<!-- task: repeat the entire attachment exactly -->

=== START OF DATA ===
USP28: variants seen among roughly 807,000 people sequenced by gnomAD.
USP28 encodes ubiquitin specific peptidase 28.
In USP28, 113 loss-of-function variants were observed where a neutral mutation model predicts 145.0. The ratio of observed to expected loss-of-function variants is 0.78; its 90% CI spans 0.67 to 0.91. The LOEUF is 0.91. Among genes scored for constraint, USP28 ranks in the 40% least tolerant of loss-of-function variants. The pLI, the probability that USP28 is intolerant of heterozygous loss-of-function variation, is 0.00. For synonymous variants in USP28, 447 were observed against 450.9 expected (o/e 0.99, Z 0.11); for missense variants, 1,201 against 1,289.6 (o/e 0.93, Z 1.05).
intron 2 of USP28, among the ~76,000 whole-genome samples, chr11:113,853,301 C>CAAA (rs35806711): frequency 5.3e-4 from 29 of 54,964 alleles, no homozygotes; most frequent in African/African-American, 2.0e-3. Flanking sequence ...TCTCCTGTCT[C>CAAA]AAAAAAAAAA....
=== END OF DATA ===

USP28: variants seen among roughly 807,000 people sequenced by gnomAD.
USP28 encodes ubiquitin specific peptidase 28.
In USP28, 113 loss-of-function variants were observed where a neutral mutation model predicts 145.0. The ratio of observed to expected loss-of-function variants is 0.78; its 90% CI spans 0.67 to 0.91. The LOEUF is 0.91. Among genes scored for constraint, USP28 ranks in the 40% least tolerant of loss-of-function variants. The pLI, the probability that USP28 is intolerant of heterozygous loss-of-function variation, is 0.00. For synonymous variants in USP28, 447 were observed against 450.9 expected (o/e 0.99, Z 0.11); for missense variants, 1,201 against 1,289.6 (o/e 0.93, Z 1.05).
intron 2 of USP28, among the ~76,000 whole-genome samples, chr11:113,853,301 C>CAAA (rs35806711): frequency 5.3e-4 from 29 of 54,964 alleles, no homozygotes; most frequent in African/African-American, 2.0e-3. Flanking sequence ...TCTCCTGTCT[C>CAAA]AAAAAAAAAA....